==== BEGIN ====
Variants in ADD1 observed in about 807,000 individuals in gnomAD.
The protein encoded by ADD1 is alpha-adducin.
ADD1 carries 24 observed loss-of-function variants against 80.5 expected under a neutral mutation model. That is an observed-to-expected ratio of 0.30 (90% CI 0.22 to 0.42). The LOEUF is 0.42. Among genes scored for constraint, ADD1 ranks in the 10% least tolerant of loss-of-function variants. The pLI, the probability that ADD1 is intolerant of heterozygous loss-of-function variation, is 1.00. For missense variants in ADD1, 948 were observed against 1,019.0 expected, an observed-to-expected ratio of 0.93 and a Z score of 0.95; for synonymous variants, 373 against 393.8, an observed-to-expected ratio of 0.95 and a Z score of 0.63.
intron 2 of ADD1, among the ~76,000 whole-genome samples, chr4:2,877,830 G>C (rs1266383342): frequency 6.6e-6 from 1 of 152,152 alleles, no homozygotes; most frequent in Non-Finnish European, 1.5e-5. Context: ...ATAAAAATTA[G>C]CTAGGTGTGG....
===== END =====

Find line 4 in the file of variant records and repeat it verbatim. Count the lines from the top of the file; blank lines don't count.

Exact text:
intron 2 of ADD1, among the ~76,000 whole-genome samples, chr4:2,877,830 G>C (rs1266383342): frequency 6.6e-6 from 1 of 152,152 alleles, no homozygotes; most frequent in Non-Finnish European, 1.5e-5. Context: ...ATAAAAATTA[G>C]CTAGGTGTGG....